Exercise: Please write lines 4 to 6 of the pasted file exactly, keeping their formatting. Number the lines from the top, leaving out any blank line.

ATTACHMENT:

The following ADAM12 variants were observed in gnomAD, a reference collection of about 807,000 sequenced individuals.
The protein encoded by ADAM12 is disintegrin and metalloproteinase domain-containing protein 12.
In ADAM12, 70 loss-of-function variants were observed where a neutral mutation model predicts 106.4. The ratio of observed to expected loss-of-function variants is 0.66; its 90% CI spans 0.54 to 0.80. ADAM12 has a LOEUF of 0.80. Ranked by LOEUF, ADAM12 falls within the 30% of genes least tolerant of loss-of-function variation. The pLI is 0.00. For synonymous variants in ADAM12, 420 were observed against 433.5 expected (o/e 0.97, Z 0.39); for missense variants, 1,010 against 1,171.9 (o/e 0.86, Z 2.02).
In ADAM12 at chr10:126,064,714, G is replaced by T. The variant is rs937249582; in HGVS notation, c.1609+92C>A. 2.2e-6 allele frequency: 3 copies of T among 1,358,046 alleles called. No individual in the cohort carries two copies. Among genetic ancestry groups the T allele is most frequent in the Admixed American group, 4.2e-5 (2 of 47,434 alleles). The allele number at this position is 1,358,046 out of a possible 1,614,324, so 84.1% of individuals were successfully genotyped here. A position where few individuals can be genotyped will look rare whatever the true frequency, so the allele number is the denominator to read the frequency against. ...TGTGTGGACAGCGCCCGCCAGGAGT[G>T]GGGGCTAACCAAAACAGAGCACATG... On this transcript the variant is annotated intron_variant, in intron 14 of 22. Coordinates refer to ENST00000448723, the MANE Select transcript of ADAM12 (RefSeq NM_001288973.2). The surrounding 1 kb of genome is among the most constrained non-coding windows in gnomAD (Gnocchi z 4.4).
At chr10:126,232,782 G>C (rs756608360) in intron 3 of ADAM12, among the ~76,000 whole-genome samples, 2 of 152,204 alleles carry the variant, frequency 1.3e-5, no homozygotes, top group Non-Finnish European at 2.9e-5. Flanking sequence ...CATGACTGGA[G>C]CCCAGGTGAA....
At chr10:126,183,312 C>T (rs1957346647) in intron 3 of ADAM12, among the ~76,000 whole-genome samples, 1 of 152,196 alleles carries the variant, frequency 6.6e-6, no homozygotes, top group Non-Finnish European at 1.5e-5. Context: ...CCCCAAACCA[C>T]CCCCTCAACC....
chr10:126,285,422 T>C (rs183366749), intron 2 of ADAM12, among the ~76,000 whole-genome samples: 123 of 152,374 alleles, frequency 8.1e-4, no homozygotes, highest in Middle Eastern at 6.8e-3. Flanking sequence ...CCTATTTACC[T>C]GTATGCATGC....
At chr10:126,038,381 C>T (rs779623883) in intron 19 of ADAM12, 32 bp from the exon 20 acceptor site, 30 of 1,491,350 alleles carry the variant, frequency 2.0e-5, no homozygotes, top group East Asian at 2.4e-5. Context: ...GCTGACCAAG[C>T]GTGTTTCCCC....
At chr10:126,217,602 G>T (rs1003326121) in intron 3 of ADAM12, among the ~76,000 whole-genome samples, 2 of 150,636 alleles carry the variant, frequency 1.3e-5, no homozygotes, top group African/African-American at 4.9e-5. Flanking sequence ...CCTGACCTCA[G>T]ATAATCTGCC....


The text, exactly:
In ADAM12 at chr10:126,064,714, G is replaced by T. The variant is rs937249582; in HGVS notation, c.1609+92C>A. 2.2e-6 allele frequency: 3 copies of T among 1,358,046 alleles called. No individual in the cohort carries two copies. Among genetic ancestry groups the T allele is most frequent in the Admixed American group, 4.2e-5 (2 of 47,434 alleles). The allele number at this position is 1,358,046 out of a possible 1,614,324, so 84.1% of individuals were successfully genotyped here. A position where few individuals can be genotyped will look rare whatever the true frequency, so the allele number is the denominator to read the frequency against. ...TGTGTGGACAGCGCCCGCCAGGAGT[G>T]GGGGCTAACCAAAACAGAGCACATG... On this transcript the variant is annotated intron_variant, in intron 14 of 22. Coordinates refer to ENST00000448723, the MANE Select transcript of ADAM12 (RefSeq NM_001288973.2). The surrounding 1 kb of genome is among the most constrained non-coding windows in gnomAD (Gnocchi z 4.4).
At chr10:126,232,782 G>C (rs756608360) in intron 3 of ADAM12, among the ~76,000 whole-genome samples, 2 of 152,204 alleles carry the variant, frequency 1.3e-5, no homozygotes, top group Non-Finnish European at 2.9e-5. Flanking sequence ...CATGACTGGA[G>C]CCCAGGTGAA....
At chr10:126,183,312 C>T (rs1957346647) in intron 3 of ADAM12, among the ~76,000 whole-genome samples, 1 of 152,196 alleles carries the variant, frequency 6.6e-6, no homozygotes, top group Non-Finnish European at 1.5e-5. Context: ...CCCCAAACCA[C>T]CCCCTCAACC....